The Exchange Update
A Newsletter For 1031 Tax-Deferred Exchanges
Deferring Gain on Condemned Property
Internal Revenue Code Section 1033 provides that gain that is realized from an “involuntary conversion” can be deferred if the owner acquires replacement property that is similar to the property that was lost. In most respects, the 1033 exchange rules are easier to comply with than those regarding a 1031 exchange, but there are still limitations on which properties qualify as “similar” properties and when those properties must be acquired.
IRC Section 1033 allows an owner to defer tax that might otherwise be due if there is an “involuntary conversion.” An involuntary conversion includes:
- Property that is destroyed because of a casualty;
- Property that is lost because of theft; and
- Property that is transferred because of a condemnation or threat of condemnation.
Unlike a 1031 exchange, an owner whose property is converted can hold the proceeds until he acquires replacement property, and no intermediary is required. The owner does not have to be concerned about complying with identification rules, although the replacement property is identified on the owner’s tax return. The time frame for closing on the replacement property is two years or longer, as discussed below, and the taxpayer can apply for an extension of that time frame in some cases.
The taxpayer must acquire the replacement property during the “replacement period” which is:
- DAY 1 OF REPLACEMENT PERIOD: The first day of the replacement period is the earlier of the date of the casualty or condemnation, or the earliest date on which the threat of condemnation occurred.
- LAST DAY OF REPLACEMENT PERIOD: 2 years (or longer, see below*) after the end of the first tax year when any part of the gain is realized by the taxpayer. The taxpayer should check with his tax advisor to determine when the gain is first realized.
In a 1033 exchange, the replacement property must be “similar or related in service or use” to the converted property. In most cases, this standard is more restrictive than the like kind standard under IRC 1031. For example, the IRS has held that a billiard center is not similar or related in service or use to a bowling center, and that property used for an owner’s business is not similar to rental property.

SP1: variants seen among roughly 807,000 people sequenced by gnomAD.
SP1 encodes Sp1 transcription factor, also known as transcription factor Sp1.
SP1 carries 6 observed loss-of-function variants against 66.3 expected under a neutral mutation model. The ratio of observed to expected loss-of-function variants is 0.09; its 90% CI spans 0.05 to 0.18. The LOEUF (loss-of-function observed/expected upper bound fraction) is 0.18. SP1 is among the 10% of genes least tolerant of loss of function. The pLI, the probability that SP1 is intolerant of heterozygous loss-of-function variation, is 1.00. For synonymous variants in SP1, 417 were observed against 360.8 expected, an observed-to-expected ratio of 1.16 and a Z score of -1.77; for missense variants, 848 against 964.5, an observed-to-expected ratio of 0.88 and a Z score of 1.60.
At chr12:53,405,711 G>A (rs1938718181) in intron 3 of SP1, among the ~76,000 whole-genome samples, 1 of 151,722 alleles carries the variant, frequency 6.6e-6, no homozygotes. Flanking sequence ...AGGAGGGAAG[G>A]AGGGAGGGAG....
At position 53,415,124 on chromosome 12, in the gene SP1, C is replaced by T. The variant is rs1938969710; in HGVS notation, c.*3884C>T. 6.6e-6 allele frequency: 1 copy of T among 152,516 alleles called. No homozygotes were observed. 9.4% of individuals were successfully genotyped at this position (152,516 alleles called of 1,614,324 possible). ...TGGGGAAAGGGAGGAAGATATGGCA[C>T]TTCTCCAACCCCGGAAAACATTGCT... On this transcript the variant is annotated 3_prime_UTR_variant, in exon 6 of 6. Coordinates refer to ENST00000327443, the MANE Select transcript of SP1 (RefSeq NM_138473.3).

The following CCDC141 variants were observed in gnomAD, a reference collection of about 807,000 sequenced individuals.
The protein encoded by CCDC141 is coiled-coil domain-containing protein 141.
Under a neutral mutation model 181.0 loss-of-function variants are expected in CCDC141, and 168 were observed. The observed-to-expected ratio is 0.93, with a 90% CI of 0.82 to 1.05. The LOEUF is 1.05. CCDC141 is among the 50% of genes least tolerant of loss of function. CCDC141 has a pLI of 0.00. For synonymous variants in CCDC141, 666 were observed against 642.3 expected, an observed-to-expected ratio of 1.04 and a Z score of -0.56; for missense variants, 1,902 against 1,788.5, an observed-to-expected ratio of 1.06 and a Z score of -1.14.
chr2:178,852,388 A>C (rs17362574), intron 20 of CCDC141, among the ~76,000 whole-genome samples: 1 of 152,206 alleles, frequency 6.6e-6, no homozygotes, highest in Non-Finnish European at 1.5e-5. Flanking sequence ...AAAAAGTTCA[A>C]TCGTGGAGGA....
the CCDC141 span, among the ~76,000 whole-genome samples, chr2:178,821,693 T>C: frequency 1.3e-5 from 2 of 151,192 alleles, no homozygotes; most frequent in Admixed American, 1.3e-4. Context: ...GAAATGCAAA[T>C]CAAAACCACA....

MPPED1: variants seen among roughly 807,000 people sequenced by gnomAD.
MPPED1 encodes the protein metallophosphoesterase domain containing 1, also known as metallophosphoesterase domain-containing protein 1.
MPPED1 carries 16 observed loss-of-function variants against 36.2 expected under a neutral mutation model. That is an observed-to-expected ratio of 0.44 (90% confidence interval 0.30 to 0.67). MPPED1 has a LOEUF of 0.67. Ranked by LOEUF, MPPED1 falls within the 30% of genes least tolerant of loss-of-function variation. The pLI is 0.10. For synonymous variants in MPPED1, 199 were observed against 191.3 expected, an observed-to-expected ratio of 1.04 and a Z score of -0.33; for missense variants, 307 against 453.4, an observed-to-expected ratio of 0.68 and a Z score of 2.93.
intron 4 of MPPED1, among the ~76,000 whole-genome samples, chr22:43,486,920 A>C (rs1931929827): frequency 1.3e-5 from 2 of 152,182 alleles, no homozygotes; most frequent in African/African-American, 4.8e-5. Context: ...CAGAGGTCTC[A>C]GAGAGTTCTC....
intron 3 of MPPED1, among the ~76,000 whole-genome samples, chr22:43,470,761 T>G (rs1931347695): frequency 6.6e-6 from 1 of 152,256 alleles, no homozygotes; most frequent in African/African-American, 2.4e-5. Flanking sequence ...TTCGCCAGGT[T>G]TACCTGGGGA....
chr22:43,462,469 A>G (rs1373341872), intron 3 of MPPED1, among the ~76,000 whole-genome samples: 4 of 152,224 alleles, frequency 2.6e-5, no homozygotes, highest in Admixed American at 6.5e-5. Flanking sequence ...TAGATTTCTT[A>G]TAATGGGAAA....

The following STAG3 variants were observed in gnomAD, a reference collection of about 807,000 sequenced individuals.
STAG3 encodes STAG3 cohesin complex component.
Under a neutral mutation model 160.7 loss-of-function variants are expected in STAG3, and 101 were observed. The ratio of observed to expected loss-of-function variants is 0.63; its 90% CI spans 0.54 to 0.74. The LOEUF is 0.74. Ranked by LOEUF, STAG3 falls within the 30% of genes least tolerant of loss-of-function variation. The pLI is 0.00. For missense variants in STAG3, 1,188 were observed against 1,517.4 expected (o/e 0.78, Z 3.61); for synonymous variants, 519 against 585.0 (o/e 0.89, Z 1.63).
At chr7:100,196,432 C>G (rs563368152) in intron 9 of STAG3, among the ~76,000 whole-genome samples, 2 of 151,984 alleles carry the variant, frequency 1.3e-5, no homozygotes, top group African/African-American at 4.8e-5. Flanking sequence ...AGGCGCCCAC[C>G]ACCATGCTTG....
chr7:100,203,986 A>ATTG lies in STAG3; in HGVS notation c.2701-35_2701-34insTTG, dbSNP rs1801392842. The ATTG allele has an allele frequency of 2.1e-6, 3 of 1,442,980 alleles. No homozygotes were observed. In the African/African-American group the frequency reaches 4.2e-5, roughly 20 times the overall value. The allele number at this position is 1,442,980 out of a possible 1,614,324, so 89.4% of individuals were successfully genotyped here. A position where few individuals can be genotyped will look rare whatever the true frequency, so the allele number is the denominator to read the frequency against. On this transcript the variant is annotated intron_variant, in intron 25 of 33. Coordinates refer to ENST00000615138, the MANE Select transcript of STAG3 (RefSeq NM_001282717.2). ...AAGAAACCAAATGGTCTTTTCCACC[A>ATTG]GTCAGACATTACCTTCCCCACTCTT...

There is an alternative standard for replacement property, but only if (a) the converted property is real property and was held for productive use in a trade or business or for investment, and (b) the conversion was due to a condemnation or threat of condemnation. In this case, the replacement property qualifies if it is “like kind” to the converted property. This is an optional standard that the taxpayer can elect to use, and the term “like kind” means the same thing as like kind under IRC Section 1031. In most, but not all cases, it is easier to comply with the “like kind” standard than the “similar or related in service or use” standard.
A 1033 exchange is a useful tool to defer tax when a taxpayer loses property because of a casualty or condemnation. These are some of the basic rules, but owners who are contemplating a 1033 exchange should investigate the details further with their tax advisors. First American Exchange is always available to answer your questions and to help you set up the other, more common tax deferred exchange, based on Internal Revenue Code Section 1031.
The decline in residential development has provided an unexpected opportunity for land preservation. Large tracks of land that were slated for new homes are now being sold in whole or in part to local and regional municipalities and open space organizations. Certainly the sale of the entire fee interest in the land would likely qualify for a 1031 exchange; however, the sale of less than a fee interest may also qualify for a 1031 exchange if certain criteria are met.
The IRS has issued several private letter rulings finding that certain types of conservation and agricultural easements are like kind to real estate. A conservation easement is a voluntary agreement that allows a landowner to limit the type or amount of development on their property while retaining private ownership of the land. Generally, the easement needs to be perpetual in nature and considered an interest in real estate for state law purposes.
This position was affirmed fairly recently in PLR 200649028 when the IRS held that a stewardship easement was like kind to a fee interest in real estate. The IRS based its decision on the fact that the stewardship easement was considered an interest in real property under state law and that the easement was perpetual. The ruling also discussed that the sale of the easement significantly and permanently restricted the future use of the taxpayer’s property such that the fair market value of the property, if sold, would be impaired. The transaction discussed in this PLR was somewhat unique in its structure. First, the taxpayer conveyed the relinquished property by granting the county a perpetual restrictive stewardship easement over ranch land in return for a certain amount of stewardship credits. The value of the credits was equal to the value of the property rights that the taxpayer permanently relinquished to the county. During the exchange period, the taxpayer converted the credits to cash by selling them to a third party buyer. The cash was then used to purchase the replacement property. The taxpayer was never in receipt of the credits or the relinquished property proceeds during the exchange period. The IRS held that this structure did not disqualify the transaction from 1031 tax deferral treatment.
In summary, a 1031 exchange opens many investment opportunities for land owners who wish to exchange conservation easements for any other real property.